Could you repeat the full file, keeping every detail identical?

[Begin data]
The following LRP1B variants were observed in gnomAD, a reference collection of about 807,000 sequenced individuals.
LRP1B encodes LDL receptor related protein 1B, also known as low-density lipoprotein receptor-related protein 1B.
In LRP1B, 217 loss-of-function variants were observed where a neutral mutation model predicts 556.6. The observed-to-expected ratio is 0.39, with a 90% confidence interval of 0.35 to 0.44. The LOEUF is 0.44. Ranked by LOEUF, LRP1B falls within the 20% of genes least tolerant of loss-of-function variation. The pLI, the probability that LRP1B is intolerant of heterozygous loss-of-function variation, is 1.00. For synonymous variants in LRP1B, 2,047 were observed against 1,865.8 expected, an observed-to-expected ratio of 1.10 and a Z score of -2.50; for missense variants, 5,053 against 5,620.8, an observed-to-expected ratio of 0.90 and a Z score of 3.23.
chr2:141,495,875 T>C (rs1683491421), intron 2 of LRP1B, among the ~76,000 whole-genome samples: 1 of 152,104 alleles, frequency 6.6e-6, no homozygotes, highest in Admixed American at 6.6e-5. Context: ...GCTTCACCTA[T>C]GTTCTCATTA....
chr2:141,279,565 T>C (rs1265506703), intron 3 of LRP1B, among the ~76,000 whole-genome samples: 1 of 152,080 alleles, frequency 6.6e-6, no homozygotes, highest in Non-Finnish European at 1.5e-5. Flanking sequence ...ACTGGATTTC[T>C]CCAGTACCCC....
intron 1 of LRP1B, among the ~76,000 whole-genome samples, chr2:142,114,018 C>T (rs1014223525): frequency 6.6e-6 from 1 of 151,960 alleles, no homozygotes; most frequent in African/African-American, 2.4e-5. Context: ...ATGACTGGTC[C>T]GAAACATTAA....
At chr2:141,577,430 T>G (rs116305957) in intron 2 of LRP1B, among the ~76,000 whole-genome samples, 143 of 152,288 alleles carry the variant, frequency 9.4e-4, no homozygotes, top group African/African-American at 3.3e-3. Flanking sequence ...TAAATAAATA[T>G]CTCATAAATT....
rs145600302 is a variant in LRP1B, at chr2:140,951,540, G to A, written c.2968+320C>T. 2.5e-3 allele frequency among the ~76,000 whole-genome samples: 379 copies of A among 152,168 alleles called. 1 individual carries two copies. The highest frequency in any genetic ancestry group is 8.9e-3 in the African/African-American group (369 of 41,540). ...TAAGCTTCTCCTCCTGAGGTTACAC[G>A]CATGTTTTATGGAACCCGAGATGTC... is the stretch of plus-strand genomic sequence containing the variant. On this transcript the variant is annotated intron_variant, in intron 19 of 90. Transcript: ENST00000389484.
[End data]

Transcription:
The following LRP1B variants were observed in gnomAD, a reference collection of about 807,000 sequenced individuals.
LRP1B encodes LDL receptor related protein 1B, also known as low-density lipoprotein receptor-related protein 1B.
In LRP1B, 217 loss-of-function variants were observed where a neutral mutation model predicts 556.6. The observed-to-expected ratio is 0.39, with a 90% confidence interval of 0.35 to 0.44. The LOEUF is 0.44. Ranked by LOEUF, LRP1B falls within the 20% of genes least tolerant of loss-of-function variation. The pLI, the probability that LRP1B is intolerant of heterozygous loss-of-function variation, is 1.00. For synonymous variants in LRP1B, 2,047 were observed against 1,865.8 expected, an observed-to-expected ratio of 1.10 and a Z score of -2.50; for missense variants, 5,053 against 5,620.8, an observed-to-expected ratio of 0.90 and a Z score of 3.23.
chr2:141,495,875 T>C (rs1683491421), intron 2 of LRP1B, among the ~76,000 whole-genome samples: 1 of 152,104 alleles, frequency 6.6e-6, no homozygotes, highest in Admixed American at 6.6e-5. Context: ...GCTTCACCTA[T>C]GTTCTCATTA....
chr2:141,279,565 T>C (rs1265506703), intron 3 of LRP1B, among the ~76,000 whole-genome samples: 1 of 152,080 alleles, frequency 6.6e-6, no homozygotes, highest in Non-Finnish European at 1.5e-5. Flanking sequence ...ACTGGATTTC[T>C]CCAGTACCCC....
intron 1 of LRP1B, among the ~76,000 whole-genome samples, chr2:142,114,018 C>T (rs1014223525): frequency 6.6e-6 from 1 of 151,960 alleles, no homozygotes; most frequent in African/African-American, 2.4e-5. Context: ...ATGACTGGTC[C>T]GAAACATTAA....
At chr2:141,577,430 T>G (rs116305957) in intron 2 of LRP1B, among the ~76,000 whole-genome samples, 143 of 152,288 alleles carry the variant, frequency 9.4e-4, no homozygotes, top group African/African-American at 3.3e-3. Flanking sequence ...TAAATAAATA[T>G]CTCATAAATT....
rs145600302 is a variant in LRP1B, at chr2:140,951,540, G to A, written c.2968+320C>T. 2.5e-3 allele frequency among the ~76,000 whole-genome samples: 379 copies of A among 152,168 alleles called. 1 individual carries two copies. The highest frequency in any genetic ancestry group is 8.9e-3 in the African/African-American group (369 of 41,540). ...TAAGCTTCTCCTCCTGAGGTTACAC[G>A]CATGTTTTATGGAACCCGAGATGTC... is the stretch of plus-strand genomic sequence containing the variant. On this transcript the variant is annotated intron_variant, in intron 19 of 90. Transcript: ENST00000389484.